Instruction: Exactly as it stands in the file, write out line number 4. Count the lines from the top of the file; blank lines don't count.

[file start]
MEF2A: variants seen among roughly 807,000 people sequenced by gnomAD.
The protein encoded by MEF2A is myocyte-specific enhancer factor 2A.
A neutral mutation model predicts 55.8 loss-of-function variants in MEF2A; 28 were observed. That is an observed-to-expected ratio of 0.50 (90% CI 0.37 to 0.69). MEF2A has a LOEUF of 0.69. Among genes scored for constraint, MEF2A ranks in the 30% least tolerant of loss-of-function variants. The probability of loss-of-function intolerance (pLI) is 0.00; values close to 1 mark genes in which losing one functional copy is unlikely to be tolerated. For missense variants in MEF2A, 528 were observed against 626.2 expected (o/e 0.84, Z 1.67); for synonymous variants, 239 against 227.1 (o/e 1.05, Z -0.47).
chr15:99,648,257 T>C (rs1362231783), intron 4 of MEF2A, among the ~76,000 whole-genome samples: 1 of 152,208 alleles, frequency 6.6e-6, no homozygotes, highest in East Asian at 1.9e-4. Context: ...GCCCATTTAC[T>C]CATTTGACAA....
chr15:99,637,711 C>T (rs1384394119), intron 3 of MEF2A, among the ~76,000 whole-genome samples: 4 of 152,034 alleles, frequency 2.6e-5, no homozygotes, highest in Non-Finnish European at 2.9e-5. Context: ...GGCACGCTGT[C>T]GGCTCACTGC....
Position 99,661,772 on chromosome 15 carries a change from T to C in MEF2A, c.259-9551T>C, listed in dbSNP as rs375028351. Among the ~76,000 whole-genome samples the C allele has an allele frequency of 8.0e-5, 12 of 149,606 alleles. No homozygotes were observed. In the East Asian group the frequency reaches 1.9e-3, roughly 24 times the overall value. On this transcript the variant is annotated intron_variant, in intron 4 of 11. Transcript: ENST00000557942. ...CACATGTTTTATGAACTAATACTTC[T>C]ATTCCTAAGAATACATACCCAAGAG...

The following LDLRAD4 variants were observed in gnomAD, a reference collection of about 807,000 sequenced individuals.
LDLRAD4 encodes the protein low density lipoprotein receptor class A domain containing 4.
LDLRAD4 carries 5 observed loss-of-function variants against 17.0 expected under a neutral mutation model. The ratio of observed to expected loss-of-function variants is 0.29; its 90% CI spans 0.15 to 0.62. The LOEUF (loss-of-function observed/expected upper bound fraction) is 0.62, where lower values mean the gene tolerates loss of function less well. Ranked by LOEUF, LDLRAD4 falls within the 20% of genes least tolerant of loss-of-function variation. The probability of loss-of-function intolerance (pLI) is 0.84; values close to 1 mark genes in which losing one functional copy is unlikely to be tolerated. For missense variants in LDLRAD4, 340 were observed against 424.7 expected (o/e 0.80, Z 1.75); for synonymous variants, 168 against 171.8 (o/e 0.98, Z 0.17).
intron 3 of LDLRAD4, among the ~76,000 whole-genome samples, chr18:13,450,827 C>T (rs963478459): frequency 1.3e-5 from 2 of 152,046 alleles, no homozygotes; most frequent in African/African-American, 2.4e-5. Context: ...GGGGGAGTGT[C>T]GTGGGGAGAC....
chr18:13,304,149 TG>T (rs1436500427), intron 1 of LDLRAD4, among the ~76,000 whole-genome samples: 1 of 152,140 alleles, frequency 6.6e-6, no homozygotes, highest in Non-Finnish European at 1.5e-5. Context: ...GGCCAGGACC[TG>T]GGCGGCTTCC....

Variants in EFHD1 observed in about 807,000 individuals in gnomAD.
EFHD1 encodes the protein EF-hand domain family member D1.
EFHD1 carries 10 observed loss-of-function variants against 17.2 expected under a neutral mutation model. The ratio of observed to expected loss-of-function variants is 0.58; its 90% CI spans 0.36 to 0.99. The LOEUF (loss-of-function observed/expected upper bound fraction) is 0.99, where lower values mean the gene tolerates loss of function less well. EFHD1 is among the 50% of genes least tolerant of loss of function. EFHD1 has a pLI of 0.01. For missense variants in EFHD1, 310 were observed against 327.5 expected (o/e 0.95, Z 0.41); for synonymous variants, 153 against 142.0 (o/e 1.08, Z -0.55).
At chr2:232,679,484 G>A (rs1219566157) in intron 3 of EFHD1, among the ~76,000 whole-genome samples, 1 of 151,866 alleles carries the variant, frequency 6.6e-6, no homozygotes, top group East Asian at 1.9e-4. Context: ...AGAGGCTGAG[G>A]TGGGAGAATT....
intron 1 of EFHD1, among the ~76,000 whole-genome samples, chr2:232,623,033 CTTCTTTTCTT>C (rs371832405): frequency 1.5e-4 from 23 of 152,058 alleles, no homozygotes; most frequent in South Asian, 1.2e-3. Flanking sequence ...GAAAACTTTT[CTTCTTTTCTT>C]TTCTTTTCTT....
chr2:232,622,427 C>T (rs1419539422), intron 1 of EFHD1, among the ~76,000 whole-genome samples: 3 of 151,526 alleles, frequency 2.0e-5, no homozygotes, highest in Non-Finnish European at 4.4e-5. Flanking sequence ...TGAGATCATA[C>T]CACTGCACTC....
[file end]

chr15:99,648,257 T>C (rs1362231783), intron 4 of MEF2A, among the ~76,000 whole-genome samples: 1 of 152,208 alleles, frequency 6.6e-6, no homozygotes, highest in East Asian at 1.9e-4. Context: ...GCCCATTTAC[T>C]CATTTGACAA....